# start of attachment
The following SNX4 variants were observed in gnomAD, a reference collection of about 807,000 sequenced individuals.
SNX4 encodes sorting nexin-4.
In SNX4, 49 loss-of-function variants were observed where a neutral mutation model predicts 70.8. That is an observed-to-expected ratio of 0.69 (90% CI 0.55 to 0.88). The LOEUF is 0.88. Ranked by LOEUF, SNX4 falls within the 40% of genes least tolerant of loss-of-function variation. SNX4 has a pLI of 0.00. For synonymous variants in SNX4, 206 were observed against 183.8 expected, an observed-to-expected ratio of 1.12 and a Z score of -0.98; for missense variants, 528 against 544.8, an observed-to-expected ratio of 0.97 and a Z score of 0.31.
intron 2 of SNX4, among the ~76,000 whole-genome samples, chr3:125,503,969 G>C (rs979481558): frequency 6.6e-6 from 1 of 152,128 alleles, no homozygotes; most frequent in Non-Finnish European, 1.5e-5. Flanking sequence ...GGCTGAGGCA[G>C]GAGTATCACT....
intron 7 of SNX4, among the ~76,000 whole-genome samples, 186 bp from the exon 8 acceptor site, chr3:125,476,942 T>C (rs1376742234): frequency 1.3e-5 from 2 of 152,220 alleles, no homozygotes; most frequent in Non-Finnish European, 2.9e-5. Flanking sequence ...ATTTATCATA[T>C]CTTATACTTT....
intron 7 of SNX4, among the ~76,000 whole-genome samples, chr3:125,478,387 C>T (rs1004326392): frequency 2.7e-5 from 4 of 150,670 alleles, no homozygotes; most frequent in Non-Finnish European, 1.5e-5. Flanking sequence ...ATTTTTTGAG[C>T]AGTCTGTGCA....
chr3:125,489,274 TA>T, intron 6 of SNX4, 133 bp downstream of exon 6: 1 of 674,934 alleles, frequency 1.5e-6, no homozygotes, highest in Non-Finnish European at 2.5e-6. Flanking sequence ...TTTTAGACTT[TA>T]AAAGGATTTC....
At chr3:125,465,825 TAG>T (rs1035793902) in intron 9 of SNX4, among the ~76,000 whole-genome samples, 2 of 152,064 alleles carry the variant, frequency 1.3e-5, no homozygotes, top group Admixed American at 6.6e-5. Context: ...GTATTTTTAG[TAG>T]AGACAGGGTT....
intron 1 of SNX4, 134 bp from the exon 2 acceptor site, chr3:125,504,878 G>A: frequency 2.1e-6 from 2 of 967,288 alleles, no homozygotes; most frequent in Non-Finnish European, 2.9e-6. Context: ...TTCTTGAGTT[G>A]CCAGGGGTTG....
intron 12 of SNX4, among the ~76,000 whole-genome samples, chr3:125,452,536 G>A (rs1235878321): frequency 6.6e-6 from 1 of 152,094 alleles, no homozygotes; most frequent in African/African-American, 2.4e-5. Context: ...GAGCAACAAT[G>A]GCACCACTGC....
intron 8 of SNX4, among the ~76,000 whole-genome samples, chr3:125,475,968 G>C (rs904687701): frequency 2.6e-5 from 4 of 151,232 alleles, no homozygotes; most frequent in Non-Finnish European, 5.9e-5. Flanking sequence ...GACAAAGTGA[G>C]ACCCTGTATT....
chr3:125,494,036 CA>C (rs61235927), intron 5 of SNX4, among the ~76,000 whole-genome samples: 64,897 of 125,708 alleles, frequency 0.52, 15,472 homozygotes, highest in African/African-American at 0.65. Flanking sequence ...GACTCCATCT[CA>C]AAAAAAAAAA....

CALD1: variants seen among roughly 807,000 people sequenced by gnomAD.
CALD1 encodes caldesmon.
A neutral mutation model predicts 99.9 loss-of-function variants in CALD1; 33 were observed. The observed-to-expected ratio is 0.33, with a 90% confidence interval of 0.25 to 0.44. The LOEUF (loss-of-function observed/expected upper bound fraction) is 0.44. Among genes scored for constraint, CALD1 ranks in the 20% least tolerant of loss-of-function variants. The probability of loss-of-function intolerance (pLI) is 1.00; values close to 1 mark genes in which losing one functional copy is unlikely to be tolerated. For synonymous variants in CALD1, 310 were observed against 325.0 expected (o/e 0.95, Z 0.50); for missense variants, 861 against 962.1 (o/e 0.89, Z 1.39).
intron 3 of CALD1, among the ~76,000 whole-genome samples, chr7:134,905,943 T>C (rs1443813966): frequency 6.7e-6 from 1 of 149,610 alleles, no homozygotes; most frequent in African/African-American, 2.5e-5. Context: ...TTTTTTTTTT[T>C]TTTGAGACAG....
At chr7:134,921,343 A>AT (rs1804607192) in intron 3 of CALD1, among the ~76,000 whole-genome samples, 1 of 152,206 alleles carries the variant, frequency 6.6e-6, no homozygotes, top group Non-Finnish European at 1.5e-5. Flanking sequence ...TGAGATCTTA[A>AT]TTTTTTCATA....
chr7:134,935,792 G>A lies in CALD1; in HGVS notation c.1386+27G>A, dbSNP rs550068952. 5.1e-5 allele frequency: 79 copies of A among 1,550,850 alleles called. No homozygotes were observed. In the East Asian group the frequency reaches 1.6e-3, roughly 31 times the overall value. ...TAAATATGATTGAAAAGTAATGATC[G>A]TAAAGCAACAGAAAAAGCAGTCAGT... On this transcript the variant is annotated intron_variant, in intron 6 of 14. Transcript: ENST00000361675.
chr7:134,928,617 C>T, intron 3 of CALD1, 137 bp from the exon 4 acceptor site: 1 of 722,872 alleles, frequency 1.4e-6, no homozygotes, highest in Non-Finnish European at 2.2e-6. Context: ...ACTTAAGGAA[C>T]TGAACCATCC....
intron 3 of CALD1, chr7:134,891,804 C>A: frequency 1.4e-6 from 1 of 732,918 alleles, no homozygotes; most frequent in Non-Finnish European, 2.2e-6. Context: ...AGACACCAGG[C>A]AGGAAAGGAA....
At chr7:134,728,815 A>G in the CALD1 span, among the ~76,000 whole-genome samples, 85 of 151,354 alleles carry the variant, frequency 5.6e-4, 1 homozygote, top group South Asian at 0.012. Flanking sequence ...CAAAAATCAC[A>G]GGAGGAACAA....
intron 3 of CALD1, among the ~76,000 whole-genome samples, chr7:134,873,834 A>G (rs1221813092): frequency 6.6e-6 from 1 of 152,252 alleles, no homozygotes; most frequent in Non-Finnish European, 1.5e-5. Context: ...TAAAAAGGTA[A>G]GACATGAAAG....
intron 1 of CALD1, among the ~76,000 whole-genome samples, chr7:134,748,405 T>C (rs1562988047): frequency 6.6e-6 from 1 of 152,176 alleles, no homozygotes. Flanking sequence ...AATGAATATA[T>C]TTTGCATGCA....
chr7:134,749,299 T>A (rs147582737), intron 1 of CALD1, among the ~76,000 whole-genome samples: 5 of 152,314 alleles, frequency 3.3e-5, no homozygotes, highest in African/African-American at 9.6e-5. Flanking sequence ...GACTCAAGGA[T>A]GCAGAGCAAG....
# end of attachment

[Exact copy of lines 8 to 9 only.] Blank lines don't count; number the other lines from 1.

At chr3:125,465,825 TAG>T (rs1035793902) in intron 9 of SNX4, among the ~76,000 whole-genome samples, 2 of 152,064 alleles carry the variant, frequency 1.3e-5, no homozygotes, top group Admixed American at 6.6e-5. Context: ...GTATTTTTAG[TAG>T]AGACAGGGTT....
intron 1 of SNX4, 134 bp from the exon 2 acceptor site, chr3:125,504,878 G>A: frequency 2.1e-6 from 2 of 967,288 alleles, no homozygotes; most frequent in Non-Finnish European, 2.9e-6. Context: ...TTCTTGAGTT[G>A]CCAGGGGTTG....